Kaisa_2012_3_photo by Veikko Somerpuro

The course covers the basic theory behind Bayesian modelling and its application to common problems in biosciences.

Lectures: Monday (Infokeskus, atk 138) and Tuesday (Biokeskus 3, sali 6602)
Exercises (Ryhmä 1): Thursdays (Infokeskus, atk 138).

Course communication will happen in Moodle.

Enrol
2.10.2017 at 09:00 - 14.12.2017 at 23:59
Moodle
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Timetable

Here is the course’s teaching schedule. Check the description for possible other schedules.

DateTimeLocation
Mon 30.10.2017
14:15 - 16:00
Tue 31.10.2017
14:15 - 16:00
Mon 6.11.2017
14:15 - 16:00
Tue 7.11.2017
14:15 - 16:00
Mon 13.11.2017
14:15 - 16:00
Tue 14.11.2017
14:15 - 16:00
Mon 20.11.2017
14:15 - 16:00
Tue 21.11.2017
14:15 - 16:00
Mon 27.11.2017
14:15 - 16:00
Tue 28.11.2017
14:15 - 16:00
Mon 4.12.2017
14:15 - 16:00
Tue 5.12.2017
14:15 - 16:00
Mon 11.12.2017
14:15 - 16:00
Tue 12.12.2017
14:15 - 16:00

Other teaching

02.11. - 14.12.2017 Thu 10.15-12.00
Jarno Vanhatalo
Teaching language: English

Description

Master's Programme in Life Science Informatics is responsible for the course.

Module where the course belongs to:

  • Eco-evolutionary informatics

The course is available to students from other degree programmes. The

course is recommended especially for students in

* Doc­toral Pro­gramme in In­ter­dis­cip­lin­ary En­vir­on­mental Sci­ences (Denvi)

* Doc­toral Pro­gramme in Wild­life Bio­logy (Luova)

* Datascience Master's programme

Basics in statistics and probability calculus.

After the course students are recommended to continue to:

MAST32004, Advanced course in Bayesian statistics, 5 cr LSI35003, Project work in eco-evolutionary informatics, 5 cr 57429, Spatial modelling and Bayesian inference, 5 cr

The course covers the basic theory behind probabilistic and Bayesian modelling and their applications to common problems in environmental and biological sciences. After the The course students understand the Bayes rule and the related concepts, including prior, posterior and predictive distribution and likelihood function. Students will also be familiar with graphical model representation and basics in model assessment, criticism and comparison. Students are also able to apply Bayes rule to construct simple hierarchical Bayesian models. Students are familiar with the basic concept of Markov chain Monte Carlo (MCMC) and are able to apply MCMC methods to solve hierarchical Bayesian models using the JAGS/STAN software.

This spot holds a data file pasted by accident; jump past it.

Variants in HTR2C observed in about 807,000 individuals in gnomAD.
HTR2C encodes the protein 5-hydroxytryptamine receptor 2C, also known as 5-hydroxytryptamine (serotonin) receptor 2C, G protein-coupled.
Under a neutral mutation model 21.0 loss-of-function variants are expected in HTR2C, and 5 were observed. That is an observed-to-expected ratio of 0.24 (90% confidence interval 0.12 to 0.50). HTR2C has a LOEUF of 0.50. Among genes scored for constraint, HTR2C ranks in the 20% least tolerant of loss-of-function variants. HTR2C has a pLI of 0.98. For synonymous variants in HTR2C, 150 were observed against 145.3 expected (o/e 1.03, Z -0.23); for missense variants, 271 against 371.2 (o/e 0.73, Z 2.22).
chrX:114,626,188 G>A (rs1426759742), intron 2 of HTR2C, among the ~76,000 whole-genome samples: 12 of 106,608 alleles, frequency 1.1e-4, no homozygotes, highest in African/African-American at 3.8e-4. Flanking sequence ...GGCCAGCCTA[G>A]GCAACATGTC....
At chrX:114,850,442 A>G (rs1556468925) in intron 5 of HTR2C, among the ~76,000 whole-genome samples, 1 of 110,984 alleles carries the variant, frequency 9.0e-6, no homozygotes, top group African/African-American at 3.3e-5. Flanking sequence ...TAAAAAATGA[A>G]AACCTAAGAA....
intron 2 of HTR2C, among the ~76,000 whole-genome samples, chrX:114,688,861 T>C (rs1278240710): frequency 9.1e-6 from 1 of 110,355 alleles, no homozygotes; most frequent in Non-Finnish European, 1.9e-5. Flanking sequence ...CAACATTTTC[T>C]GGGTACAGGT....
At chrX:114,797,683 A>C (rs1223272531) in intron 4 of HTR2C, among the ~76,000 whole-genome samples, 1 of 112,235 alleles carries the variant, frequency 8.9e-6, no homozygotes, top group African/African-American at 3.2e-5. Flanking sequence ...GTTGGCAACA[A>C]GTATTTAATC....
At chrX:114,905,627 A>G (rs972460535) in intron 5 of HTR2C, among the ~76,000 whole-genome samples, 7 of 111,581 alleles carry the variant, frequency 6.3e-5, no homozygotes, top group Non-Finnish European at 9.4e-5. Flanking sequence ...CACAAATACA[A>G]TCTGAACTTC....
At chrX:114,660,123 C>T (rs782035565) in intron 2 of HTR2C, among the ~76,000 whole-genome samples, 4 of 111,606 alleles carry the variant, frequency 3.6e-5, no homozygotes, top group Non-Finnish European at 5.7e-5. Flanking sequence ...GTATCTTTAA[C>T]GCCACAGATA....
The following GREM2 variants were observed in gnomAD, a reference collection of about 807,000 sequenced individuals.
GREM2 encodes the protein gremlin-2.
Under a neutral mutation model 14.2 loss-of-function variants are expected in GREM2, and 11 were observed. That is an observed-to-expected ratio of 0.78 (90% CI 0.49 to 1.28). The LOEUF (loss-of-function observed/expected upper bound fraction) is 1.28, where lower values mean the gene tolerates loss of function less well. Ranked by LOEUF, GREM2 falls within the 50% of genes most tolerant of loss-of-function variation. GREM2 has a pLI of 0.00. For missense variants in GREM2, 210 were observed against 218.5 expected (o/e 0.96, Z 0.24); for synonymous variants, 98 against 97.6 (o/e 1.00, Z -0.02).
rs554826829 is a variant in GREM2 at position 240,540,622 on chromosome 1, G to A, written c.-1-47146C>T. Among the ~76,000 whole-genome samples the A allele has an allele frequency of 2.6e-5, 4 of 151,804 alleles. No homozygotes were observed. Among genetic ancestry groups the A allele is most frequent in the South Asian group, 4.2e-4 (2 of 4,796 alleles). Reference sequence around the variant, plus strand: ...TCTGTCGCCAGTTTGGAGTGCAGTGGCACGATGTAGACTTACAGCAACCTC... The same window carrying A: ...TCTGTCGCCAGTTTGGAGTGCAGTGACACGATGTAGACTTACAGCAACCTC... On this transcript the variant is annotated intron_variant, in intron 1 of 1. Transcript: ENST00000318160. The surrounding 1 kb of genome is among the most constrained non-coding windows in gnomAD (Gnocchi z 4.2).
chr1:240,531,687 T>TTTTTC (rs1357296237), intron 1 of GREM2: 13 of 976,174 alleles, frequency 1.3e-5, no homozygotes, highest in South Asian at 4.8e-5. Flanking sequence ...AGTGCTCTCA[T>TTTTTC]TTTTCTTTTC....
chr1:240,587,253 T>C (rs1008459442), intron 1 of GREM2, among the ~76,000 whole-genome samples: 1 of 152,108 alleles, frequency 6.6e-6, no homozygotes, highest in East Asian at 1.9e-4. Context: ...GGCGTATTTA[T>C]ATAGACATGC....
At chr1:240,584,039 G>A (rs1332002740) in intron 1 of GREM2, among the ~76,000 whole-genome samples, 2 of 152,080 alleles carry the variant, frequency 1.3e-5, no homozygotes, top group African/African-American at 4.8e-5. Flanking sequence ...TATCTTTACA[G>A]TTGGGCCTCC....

Recommended time for completion is during the first year of masters studies or the first year of PhD studies.

The course is offered in 2nd period.

  • Part 1: Introduction to Bayesian inference: Bayes rule, prior and posterior distribution, likelihood function, Binomial model, mark-recapture analysis
  • Part 2: Technical necessities and few practical models: Monte Carlo methods, Markov chain Monte Carlo (MCMC), marginalization, prediction, JAGS software, linear and generalized linear models
  • Part 3: Hierarchical models and Probability fundamentals: exchangeability, conditional independence, graphical models, hierarchical Binomial and Gaussian models
  • Part 4: Model assessment, criticism and comparison: posterior predictive check, sensitivity analysis, posterior predictive comparison, cross-validation, Bayes Factor
  • Gelman, A., Carlin, J. B., Stern, H. S., Dunson D. B., Vehtari A. and Rubin, D. B. (2013). Bayesian Data Analysis. Chapman & Hall/CRC. Second or third edition.
  • Number of selected articles
  • R programming environment and JAGS/STAN software

The book is read partially (chapters to be announced during the course).

The articles need to be read fully.

Students are required to read course material, complete at least 50% of the exercises and pass the exam. Lectures are interactive and teacher will assist with exercises during the lectures and via Moodle between the lectures. Additionally, there is exercise group once a week where students can get help for exercises.

The course grade will be 0.5*[grade from the exercises] + 0.5*[grade from the exam]

The course consists of lectures, exercises and an exam. Completion requires solving at least 50% of the exercises and passing the exam.